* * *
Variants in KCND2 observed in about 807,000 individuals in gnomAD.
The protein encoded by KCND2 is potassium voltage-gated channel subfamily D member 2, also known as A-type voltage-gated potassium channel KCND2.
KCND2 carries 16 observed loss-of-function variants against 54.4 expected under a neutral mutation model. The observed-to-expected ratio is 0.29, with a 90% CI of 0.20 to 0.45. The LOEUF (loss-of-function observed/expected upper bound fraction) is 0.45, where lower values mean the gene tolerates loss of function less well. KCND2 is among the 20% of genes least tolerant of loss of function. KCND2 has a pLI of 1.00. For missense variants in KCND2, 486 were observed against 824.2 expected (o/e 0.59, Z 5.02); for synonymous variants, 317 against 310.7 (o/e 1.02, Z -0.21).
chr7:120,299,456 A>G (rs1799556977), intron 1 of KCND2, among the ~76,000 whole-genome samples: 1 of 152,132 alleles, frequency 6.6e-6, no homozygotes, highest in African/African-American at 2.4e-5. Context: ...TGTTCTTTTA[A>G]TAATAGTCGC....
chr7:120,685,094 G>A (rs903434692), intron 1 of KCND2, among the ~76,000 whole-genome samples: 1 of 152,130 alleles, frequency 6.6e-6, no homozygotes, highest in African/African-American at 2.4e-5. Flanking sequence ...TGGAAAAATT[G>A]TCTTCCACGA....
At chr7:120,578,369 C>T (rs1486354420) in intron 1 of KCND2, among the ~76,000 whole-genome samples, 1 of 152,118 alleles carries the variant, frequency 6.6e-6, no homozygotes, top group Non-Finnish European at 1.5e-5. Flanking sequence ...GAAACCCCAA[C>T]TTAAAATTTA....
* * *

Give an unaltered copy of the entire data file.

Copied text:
Variants in KCND2 observed in about 807,000 individuals in gnomAD.
The protein encoded by KCND2 is potassium voltage-gated channel subfamily D member 2, also known as A-type voltage-gated potassium channel KCND2.
KCND2 carries 16 observed loss-of-function variants against 54.4 expected under a neutral mutation model. The observed-to-expected ratio is 0.29, with a 90% CI of 0.20 to 0.45. The LOEUF (loss-of-function observed/expected upper bound fraction) is 0.45, where lower values mean the gene tolerates loss of function less well. KCND2 is among the 20% of genes least tolerant of loss of function. KCND2 has a pLI of 1.00. For missense variants in KCND2, 486 were observed against 824.2 expected (o/e 0.59, Z 5.02); for synonymous variants, 317 against 310.7 (o/e 1.02, Z -0.21).
chr7:120,299,456 A>G (rs1799556977), intron 1 of KCND2, among the ~76,000 whole-genome samples: 1 of 152,132 alleles, frequency 6.6e-6, no homozygotes, highest in African/African-American at 2.4e-5. Context: ...TGTTCTTTTA[A>G]TAATAGTCGC....
chr7:120,685,094 G>A (rs903434692), intron 1 of KCND2, among the ~76,000 whole-genome samples: 1 of 152,130 alleles, frequency 6.6e-6, no homozygotes, highest in African/African-American at 2.4e-5. Flanking sequence ...TGGAAAAATT[G>A]TCTTCCACGA....
At chr7:120,578,369 C>T (rs1486354420) in intron 1 of KCND2, among the ~76,000 whole-genome samples, 1 of 152,118 alleles carries the variant, frequency 6.6e-6, no homozygotes, top group Non-Finnish European at 1.5e-5. Flanking sequence ...GAAACCCCAA[C>T]TTAAAATTTA....